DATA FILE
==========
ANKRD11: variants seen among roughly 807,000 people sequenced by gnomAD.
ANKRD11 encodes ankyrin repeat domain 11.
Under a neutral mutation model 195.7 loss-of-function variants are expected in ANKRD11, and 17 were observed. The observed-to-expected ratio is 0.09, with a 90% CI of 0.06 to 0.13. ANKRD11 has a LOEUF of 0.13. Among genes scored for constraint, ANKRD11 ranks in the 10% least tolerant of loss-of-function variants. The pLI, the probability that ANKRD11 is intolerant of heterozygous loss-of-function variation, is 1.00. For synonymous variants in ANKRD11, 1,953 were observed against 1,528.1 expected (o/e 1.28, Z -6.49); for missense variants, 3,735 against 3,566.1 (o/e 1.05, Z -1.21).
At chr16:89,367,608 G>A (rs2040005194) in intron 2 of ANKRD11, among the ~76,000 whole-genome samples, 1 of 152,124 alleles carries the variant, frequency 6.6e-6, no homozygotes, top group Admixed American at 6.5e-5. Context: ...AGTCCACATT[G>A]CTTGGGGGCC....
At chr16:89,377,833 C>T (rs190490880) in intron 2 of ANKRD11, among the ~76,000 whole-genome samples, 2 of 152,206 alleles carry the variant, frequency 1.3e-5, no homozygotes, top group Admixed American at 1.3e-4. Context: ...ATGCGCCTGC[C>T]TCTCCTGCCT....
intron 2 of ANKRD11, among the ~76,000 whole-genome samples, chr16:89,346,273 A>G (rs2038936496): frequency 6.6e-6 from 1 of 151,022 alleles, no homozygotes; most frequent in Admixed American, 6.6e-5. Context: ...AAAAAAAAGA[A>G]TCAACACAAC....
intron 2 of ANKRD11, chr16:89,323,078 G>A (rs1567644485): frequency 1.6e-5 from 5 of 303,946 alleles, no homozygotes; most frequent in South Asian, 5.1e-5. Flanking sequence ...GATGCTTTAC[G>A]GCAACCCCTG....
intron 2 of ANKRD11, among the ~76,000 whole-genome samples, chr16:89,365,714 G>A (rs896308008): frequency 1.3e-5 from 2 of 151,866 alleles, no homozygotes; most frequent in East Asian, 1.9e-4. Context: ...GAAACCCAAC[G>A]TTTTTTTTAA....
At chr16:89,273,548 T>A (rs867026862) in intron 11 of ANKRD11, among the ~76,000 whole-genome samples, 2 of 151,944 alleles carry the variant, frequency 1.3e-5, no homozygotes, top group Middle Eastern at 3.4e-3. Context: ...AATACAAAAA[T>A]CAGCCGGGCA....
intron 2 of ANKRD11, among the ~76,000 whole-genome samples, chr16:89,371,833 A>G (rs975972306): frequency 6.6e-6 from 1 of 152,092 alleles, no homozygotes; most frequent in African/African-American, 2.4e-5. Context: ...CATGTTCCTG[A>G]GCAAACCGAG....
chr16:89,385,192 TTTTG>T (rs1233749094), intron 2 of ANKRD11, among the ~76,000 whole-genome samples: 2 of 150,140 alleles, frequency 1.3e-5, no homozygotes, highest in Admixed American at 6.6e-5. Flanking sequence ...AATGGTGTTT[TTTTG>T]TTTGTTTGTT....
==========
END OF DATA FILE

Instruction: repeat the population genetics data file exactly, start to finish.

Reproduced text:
ANKRD11: variants seen among roughly 807,000 people sequenced by gnomAD.
ANKRD11 encodes ankyrin repeat domain 11.
Under a neutral mutation model 195.7 loss-of-function variants are expected in ANKRD11, and 17 were observed. The observed-to-expected ratio is 0.09, with a 90% CI of 0.06 to 0.13. ANKRD11 has a LOEUF of 0.13. Among genes scored for constraint, ANKRD11 ranks in the 10% least tolerant of loss-of-function variants. The pLI, the probability that ANKRD11 is intolerant of heterozygous loss-of-function variation, is 1.00. For synonymous variants in ANKRD11, 1,953 were observed against 1,528.1 expected (o/e 1.28, Z -6.49); for missense variants, 3,735 against 3,566.1 (o/e 1.05, Z -1.21).
At chr16:89,367,608 G>A (rs2040005194) in intron 2 of ANKRD11, among the ~76,000 whole-genome samples, 1 of 152,124 alleles carries the variant, frequency 6.6e-6, no homozygotes, top group Admixed American at 6.5e-5. Context: ...AGTCCACATT[G>A]CTTGGGGGCC....
At chr16:89,377,833 C>T (rs190490880) in intron 2 of ANKRD11, among the ~76,000 whole-genome samples, 2 of 152,206 alleles carry the variant, frequency 1.3e-5, no homozygotes, top group Admixed American at 1.3e-4. Context: ...ATGCGCCTGC[C>T]TCTCCTGCCT....
intron 2 of ANKRD11, among the ~76,000 whole-genome samples, chr16:89,346,273 A>G (rs2038936496): frequency 6.6e-6 from 1 of 151,022 alleles, no homozygotes; most frequent in Admixed American, 6.6e-5. Context: ...AAAAAAAAGA[A>G]TCAACACAAC....
intron 2 of ANKRD11, chr16:89,323,078 G>A (rs1567644485): frequency 1.6e-5 from 5 of 303,946 alleles, no homozygotes; most frequent in South Asian, 5.1e-5. Flanking sequence ...GATGCTTTAC[G>A]GCAACCCCTG....
intron 2 of ANKRD11, among the ~76,000 whole-genome samples, chr16:89,365,714 G>A (rs896308008): frequency 1.3e-5 from 2 of 151,866 alleles, no homozygotes; most frequent in East Asian, 1.9e-4. Context: ...GAAACCCAAC[G>A]TTTTTTTTAA....
At chr16:89,273,548 T>A (rs867026862) in intron 11 of ANKRD11, among the ~76,000 whole-genome samples, 2 of 151,944 alleles carry the variant, frequency 1.3e-5, no homozygotes, top group Middle Eastern at 3.4e-3. Context: ...AATACAAAAA[T>A]CAGCCGGGCA....
intron 2 of ANKRD11, among the ~76,000 whole-genome samples, chr16:89,371,833 A>G (rs975972306): frequency 6.6e-6 from 1 of 152,092 alleles, no homozygotes; most frequent in African/African-American, 2.4e-5. Context: ...CATGTTCCTG[A>G]GCAAACCGAG....
chr16:89,385,192 TTTTG>T (rs1233749094), intron 2 of ANKRD11, among the ~76,000 whole-genome samples: 2 of 150,140 alleles, frequency 1.3e-5, no homozygotes, highest in Admixed American at 6.6e-5. Flanking sequence ...AATGGTGTTT[TTTTG>T]TTTGTTTGTT....